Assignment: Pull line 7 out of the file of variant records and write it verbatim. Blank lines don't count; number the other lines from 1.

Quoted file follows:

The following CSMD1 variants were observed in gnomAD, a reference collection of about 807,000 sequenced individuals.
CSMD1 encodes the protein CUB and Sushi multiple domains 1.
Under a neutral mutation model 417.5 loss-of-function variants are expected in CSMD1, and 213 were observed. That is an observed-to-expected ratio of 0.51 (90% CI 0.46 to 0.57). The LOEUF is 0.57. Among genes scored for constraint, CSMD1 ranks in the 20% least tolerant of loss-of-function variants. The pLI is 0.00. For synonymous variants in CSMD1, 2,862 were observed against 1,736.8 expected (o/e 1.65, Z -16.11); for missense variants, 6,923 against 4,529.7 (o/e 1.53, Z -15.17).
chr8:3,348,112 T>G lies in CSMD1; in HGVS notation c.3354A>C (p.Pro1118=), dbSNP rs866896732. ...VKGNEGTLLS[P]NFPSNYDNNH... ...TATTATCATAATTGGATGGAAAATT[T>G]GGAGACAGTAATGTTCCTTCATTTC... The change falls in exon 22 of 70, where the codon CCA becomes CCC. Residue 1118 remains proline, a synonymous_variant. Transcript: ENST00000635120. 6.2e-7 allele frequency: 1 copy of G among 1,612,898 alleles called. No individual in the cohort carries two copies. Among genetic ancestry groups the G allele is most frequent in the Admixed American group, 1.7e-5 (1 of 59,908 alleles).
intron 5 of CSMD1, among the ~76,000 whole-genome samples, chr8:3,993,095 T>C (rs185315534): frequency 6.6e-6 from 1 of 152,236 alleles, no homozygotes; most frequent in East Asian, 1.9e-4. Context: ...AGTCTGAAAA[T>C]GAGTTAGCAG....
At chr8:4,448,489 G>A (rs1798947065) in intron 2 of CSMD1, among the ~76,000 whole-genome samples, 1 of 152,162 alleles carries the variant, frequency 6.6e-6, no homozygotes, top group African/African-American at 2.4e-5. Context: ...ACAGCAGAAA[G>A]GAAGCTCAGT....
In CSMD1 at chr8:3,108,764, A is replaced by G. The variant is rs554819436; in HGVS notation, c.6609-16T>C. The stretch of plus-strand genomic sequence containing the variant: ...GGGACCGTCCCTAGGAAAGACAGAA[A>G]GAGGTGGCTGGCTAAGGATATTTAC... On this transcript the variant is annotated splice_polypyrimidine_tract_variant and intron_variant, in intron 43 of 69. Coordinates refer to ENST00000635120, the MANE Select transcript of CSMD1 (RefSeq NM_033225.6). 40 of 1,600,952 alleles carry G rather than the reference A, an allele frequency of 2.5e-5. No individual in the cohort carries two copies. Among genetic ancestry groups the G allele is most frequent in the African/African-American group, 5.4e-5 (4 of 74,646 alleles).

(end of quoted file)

In CSMD1 at chr8:3,108,764, A is replaced by G. The variant is rs554819436; in HGVS notation, c.6609-16T>C. The stretch of plus-strand genomic sequence containing the variant: ...GGGACCGTCCCTAGGAAAGACAGAA[A>G]GAGGTGGCTGGCTAAGGATATTTAC... On this transcript the variant is annotated splice_polypyrimidine_tract_variant and intron_variant, in intron 43 of 69. Coordinates refer to ENST00000635120, the MANE Select transcript of CSMD1 (RefSeq NM_033225.6). 40 of 1,600,952 alleles carry G rather than the reference A, an allele frequency of 2.5e-5. No individual in the cohort carries two copies. Among genetic ancestry groups the G allele is most frequent in the African/African-American group, 5.4e-5 (4 of 74,646 alleles).